Opportunity tourism: Hurricanes, oil spills present a tourism tightrope for officials
Area lodging partners and tourism officials say the Emerald Coast’s arms, and rooms, are wide open, if needed, to those affected by Hurricane Sandy’s impacts in the Northeastern United States.
With widespread power outages expected, due to tropical storm force winds that extend up to 485 miles from the center of the storm, and heavy snowfall already falling in parts of the Northeast, the white sands and warmer temperatures of Florida’s beaches might be a welcome sign to some.
“While we are not wishing to take advantage of the misfortunes of people affected by the storm, we are making people aware that our beaches are beautiful right now for those who might want to get away from the snow,” said Martin Owen, regional marketing director, Gulf Region at Wyndham Vacation Rentals.
During the BP oil spill in 2010, some along the Emerald Coast raised their eyebrows when competing tourist markets advertised their clean beaches and attempted to poach vacationers that were leery about coming to the Gulf Coast. As a tourist destination itself, Myrtle Beach was just one of the Gulf Coast’s competing markets that expected to reap the benefits of potential cancellations.
According to a May 2010 report from WCBD-TV in Charleston, S.C., tourism officials and hospitality partners received an influx of calls from vacationers looking for a “back-up” plan if the spill affected the beaches along the Gulf.
“The Gulf Coast is a competitor particularly in Atlanta where a lot of the residents go to the Gulf Coast of Florida,” Brad Dean, president and CEO of the Myrtle Beach Chamber of Commerce, was quoted as saying. “So though a lot of our visitors come from the Eastern Seaboard, we do compete with the Gulf Coast in some markets and the advertising that we have certainly would draw a lot of interest, especially now that people are considering changing their plans.“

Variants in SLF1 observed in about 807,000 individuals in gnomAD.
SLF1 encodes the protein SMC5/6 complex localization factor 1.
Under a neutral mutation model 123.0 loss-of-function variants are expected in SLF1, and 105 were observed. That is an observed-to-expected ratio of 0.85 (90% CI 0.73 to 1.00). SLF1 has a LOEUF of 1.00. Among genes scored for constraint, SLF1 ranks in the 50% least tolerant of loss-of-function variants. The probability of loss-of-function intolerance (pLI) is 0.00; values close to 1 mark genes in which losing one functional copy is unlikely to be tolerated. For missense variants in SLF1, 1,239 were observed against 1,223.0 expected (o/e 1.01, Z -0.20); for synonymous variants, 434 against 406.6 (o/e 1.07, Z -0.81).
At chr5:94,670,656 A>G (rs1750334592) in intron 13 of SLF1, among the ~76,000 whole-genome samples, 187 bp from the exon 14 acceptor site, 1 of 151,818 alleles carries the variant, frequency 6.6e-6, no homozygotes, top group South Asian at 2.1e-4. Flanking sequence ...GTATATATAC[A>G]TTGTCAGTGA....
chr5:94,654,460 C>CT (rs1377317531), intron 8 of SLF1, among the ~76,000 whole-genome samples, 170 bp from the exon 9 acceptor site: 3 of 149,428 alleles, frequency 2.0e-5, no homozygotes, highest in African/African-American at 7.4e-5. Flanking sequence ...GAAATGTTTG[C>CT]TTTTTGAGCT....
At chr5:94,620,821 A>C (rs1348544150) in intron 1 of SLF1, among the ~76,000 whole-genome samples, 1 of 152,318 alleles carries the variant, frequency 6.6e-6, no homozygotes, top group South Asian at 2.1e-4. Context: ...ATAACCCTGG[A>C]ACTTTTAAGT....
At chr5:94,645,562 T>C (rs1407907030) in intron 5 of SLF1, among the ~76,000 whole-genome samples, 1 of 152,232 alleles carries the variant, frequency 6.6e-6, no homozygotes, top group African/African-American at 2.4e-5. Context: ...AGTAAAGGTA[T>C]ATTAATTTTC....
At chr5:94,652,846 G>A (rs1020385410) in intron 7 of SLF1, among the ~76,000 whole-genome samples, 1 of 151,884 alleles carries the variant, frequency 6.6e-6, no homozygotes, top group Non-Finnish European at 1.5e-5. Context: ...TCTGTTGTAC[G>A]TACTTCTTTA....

For those in the tourism and hospitality industries, marketing to potential visitors in areas affected by storms or other events isn’t something outside of the norm, but it can be tricky, Dan O’Byrne, executive director of the Okaloosa County Tourist Development Council, told The Log.
“It’s absolutely something we as tourism people do,” he said. “You always want to be sensitive to the place and the businesses that are being affected though. It’s something you would look at before the event, if there was a way to help, or after the event is over, not during.”
O’Byrne said the TDC is actively looking for ways to expand its marketing into the Northeast, but they had no plans at the present time to directly market to those in Sandy’s path. Depending on what happens in the Northeast, O’Byrne said, the TDC would keep its options open and act accordingly if there was any way they could help.
Reaching out to those in need is familiar territory to the team at Sandestin Golf and Beach Resort, which over the years has welcomed evacuees from states such as Texas, Mississippi and Louisiana during hurricanes.
Laurie Hobbs, Sandestin’s director of public relations and marketing communications, told The Log that the resort is offering some discounted rates for those who might want to come down to Florida in Sandy’s aftermath. The resort will also be extending group rates for people already at the resort who want to stay longer.
“We didn’t put out a notice yesterday because of the storm’s uncertainty,” she said. “You have to be sensitive to people’s basic needs and if they want to come to Sandestin, we are here to help and be accommodating.”
With it’s corporate headquarters based in New Jersey, Owen told The Log that teams in Northwest Florida would be answering calls and communications for properties in the Wyndham Worldwide family that are affected by Sandy.
“Because we are a multi-national company, we have the ability to keep going and help backup the other locations if they need it,” he said.
While Owen said the Wyndham family is ready to help those in need, the area probably wouldn’t see an influx of evacuees due to the fact that the Panhandle is primarily a drive-to market, which is something they are working to change.
“I don’t think we are going to get people rushing to pack up their cars and come down here,” he said.